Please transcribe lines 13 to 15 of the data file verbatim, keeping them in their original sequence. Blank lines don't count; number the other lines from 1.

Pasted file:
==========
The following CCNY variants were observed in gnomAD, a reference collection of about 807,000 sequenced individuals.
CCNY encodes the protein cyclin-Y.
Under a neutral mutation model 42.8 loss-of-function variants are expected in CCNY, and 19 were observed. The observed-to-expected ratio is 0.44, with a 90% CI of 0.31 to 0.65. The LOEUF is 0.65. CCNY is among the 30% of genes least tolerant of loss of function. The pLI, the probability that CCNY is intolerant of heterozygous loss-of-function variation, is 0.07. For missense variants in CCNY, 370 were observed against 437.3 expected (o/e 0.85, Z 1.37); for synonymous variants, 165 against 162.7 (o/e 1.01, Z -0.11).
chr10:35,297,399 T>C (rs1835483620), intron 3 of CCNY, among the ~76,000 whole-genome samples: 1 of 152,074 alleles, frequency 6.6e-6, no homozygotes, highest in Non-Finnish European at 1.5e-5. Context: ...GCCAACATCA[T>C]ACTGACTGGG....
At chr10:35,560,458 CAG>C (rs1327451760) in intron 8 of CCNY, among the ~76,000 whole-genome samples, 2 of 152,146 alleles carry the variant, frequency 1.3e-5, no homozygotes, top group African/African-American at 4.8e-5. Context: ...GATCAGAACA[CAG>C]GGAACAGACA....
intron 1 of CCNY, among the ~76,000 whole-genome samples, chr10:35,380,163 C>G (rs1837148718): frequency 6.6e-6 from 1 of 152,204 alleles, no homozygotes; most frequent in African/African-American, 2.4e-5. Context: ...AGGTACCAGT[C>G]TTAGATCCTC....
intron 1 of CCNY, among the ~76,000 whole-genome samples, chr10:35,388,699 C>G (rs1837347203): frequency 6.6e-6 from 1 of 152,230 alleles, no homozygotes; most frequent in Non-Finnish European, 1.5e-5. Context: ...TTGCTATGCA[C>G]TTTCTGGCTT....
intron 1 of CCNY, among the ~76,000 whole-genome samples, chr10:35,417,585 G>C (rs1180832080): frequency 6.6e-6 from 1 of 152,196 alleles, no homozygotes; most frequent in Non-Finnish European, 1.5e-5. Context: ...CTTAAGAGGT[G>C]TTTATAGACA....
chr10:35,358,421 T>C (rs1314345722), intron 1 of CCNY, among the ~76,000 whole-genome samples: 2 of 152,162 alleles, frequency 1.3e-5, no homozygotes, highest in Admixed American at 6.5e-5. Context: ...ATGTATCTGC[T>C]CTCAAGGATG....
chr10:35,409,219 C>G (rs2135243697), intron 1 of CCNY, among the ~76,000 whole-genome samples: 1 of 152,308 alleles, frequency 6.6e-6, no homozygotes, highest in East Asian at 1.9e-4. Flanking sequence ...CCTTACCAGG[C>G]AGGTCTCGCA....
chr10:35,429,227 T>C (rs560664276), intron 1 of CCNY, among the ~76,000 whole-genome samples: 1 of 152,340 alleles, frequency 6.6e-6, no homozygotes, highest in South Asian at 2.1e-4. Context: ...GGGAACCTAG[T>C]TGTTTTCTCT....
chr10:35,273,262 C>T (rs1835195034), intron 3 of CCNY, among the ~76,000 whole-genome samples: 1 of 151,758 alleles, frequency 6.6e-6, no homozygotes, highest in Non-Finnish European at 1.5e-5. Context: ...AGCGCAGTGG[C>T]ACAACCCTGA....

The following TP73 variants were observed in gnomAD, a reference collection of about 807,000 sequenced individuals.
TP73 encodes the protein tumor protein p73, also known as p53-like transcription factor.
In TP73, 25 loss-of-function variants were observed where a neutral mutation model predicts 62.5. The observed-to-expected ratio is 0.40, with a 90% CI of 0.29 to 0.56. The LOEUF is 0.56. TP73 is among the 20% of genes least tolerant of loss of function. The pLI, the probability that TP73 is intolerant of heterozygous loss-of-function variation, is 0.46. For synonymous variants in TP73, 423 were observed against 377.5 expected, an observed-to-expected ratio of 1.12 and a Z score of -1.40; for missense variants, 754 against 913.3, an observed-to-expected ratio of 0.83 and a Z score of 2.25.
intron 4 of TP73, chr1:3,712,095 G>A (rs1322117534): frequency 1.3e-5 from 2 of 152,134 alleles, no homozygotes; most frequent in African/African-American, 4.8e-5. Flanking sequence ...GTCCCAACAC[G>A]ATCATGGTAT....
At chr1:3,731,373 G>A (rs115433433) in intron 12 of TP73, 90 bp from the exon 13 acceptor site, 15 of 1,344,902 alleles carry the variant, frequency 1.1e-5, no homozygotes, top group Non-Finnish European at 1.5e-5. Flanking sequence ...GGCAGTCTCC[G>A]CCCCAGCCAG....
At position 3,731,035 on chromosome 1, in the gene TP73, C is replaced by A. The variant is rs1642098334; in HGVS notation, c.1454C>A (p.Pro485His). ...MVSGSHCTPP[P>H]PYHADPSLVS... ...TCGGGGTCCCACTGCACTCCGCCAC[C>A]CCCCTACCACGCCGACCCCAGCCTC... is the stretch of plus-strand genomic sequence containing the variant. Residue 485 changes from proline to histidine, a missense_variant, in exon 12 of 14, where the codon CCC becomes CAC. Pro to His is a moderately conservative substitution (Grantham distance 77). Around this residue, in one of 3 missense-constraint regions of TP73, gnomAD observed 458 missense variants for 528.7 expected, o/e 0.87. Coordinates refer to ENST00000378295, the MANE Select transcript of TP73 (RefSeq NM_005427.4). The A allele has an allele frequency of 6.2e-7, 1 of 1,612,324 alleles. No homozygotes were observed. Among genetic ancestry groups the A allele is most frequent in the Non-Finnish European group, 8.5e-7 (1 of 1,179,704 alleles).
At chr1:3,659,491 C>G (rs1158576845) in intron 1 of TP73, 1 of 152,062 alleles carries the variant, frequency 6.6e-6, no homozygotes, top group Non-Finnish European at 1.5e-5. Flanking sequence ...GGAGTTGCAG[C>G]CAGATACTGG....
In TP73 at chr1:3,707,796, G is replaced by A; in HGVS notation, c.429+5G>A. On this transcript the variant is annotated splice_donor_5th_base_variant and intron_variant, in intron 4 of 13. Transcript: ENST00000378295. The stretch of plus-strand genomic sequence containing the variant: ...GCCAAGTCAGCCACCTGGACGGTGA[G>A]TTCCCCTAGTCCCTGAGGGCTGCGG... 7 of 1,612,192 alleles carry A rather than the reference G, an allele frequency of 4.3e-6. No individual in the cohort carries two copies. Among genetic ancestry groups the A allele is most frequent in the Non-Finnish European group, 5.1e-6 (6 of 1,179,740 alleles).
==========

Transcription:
The following TP73 variants were observed in gnomAD, a reference collection of about 807,000 sequenced individuals.
TP73 encodes the protein tumor protein p73, also known as p53-like transcription factor.
In TP73, 25 loss-of-function variants were observed where a neutral mutation model predicts 62.5. The observed-to-expected ratio is 0.40, with a 90% CI of 0.29 to 0.56. The LOEUF is 0.56. TP73 is among the 20% of genes least tolerant of loss of function. The pLI, the probability that TP73 is intolerant of heterozygous loss-of-function variation, is 0.46. For synonymous variants in TP73, 423 were observed against 377.5 expected, an observed-to-expected ratio of 1.12 and a Z score of -1.40; for missense variants, 754 against 913.3, an observed-to-expected ratio of 0.83 and a Z score of 2.25.